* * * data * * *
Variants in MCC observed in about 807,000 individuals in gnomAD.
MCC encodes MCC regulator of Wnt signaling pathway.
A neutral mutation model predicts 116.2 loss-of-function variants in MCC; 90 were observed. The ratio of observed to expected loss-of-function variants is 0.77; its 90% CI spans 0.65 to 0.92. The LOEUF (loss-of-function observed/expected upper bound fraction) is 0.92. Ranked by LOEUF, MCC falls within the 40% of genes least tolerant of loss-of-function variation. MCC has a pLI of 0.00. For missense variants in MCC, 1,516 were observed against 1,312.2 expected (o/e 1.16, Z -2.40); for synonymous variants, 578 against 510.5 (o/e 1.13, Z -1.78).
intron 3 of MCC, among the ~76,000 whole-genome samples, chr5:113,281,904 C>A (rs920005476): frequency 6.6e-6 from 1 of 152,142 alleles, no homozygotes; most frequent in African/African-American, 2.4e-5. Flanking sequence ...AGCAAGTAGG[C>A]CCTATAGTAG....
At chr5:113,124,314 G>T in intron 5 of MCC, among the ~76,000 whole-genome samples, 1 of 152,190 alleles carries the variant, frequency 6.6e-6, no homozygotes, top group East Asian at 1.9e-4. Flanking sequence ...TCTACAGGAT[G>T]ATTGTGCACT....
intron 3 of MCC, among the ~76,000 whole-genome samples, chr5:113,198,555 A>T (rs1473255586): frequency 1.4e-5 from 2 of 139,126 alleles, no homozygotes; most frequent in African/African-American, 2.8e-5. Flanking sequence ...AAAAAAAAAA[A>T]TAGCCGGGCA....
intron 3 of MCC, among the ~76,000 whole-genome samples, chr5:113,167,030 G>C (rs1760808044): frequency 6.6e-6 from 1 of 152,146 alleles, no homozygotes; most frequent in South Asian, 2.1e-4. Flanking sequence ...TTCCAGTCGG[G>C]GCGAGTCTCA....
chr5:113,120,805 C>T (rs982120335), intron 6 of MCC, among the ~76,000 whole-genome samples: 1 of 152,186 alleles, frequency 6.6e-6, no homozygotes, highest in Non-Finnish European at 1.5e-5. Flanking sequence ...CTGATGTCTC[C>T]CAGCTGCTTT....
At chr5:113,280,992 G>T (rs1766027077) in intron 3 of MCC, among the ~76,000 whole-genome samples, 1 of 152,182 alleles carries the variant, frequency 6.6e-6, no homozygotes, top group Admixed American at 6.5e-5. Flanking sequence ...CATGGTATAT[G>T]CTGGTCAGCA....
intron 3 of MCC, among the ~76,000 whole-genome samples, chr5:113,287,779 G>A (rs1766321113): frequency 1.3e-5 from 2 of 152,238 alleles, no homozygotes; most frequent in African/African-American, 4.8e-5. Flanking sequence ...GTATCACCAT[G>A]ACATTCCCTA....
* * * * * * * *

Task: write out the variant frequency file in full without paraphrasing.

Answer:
Variants in MCC observed in about 807,000 individuals in gnomAD.
MCC encodes MCC regulator of Wnt signaling pathway.
A neutral mutation model predicts 116.2 loss-of-function variants in MCC; 90 were observed. The ratio of observed to expected loss-of-function variants is 0.77; its 90% CI spans 0.65 to 0.92. The LOEUF (loss-of-function observed/expected upper bound fraction) is 0.92. Ranked by LOEUF, MCC falls within the 40% of genes least tolerant of loss-of-function variation. MCC has a pLI of 0.00. For missense variants in MCC, 1,516 were observed against 1,312.2 expected (o/e 1.16, Z -2.40); for synonymous variants, 578 against 510.5 (o/e 1.13, Z -1.78).
intron 3 of MCC, among the ~76,000 whole-genome samples, chr5:113,281,904 C>A (rs920005476): frequency 6.6e-6 from 1 of 152,142 alleles, no homozygotes; most frequent in African/African-American, 2.4e-5. Flanking sequence ...AGCAAGTAGG[C>A]CCTATAGTAG....
At chr5:113,124,314 G>T in intron 5 of MCC, among the ~76,000 whole-genome samples, 1 of 152,190 alleles carries the variant, frequency 6.6e-6, no homozygotes, top group East Asian at 1.9e-4. Flanking sequence ...TCTACAGGAT[G>T]ATTGTGCACT....
intron 3 of MCC, among the ~76,000 whole-genome samples, chr5:113,198,555 A>T (rs1473255586): frequency 1.4e-5 from 2 of 139,126 alleles, no homozygotes; most frequent in African/African-American, 2.8e-5. Flanking sequence ...AAAAAAAAAA[A>T]TAGCCGGGCA....
intron 3 of MCC, among the ~76,000 whole-genome samples, chr5:113,167,030 G>C (rs1760808044): frequency 6.6e-6 from 1 of 152,146 alleles, no homozygotes; most frequent in South Asian, 2.1e-4. Flanking sequence ...TTCCAGTCGG[G>C]GCGAGTCTCA....
chr5:113,120,805 C>T (rs982120335), intron 6 of MCC, among the ~76,000 whole-genome samples: 1 of 152,186 alleles, frequency 6.6e-6, no homozygotes, highest in Non-Finnish European at 1.5e-5. Flanking sequence ...CTGATGTCTC[C>T]CAGCTGCTTT....
At chr5:113,280,992 G>T (rs1766027077) in intron 3 of MCC, among the ~76,000 whole-genome samples, 1 of 152,182 alleles carries the variant, frequency 6.6e-6, no homozygotes, top group Admixed American at 6.5e-5. Flanking sequence ...CATGGTATAT[G>T]CTGGTCAGCA....
intron 3 of MCC, among the ~76,000 whole-genome samples, chr5:113,287,779 G>A (rs1766321113): frequency 1.3e-5 from 2 of 152,238 alleles, no homozygotes; most frequent in African/African-American, 4.8e-5. Flanking sequence ...GTATCACCAT[G>A]ACATTCCCTA....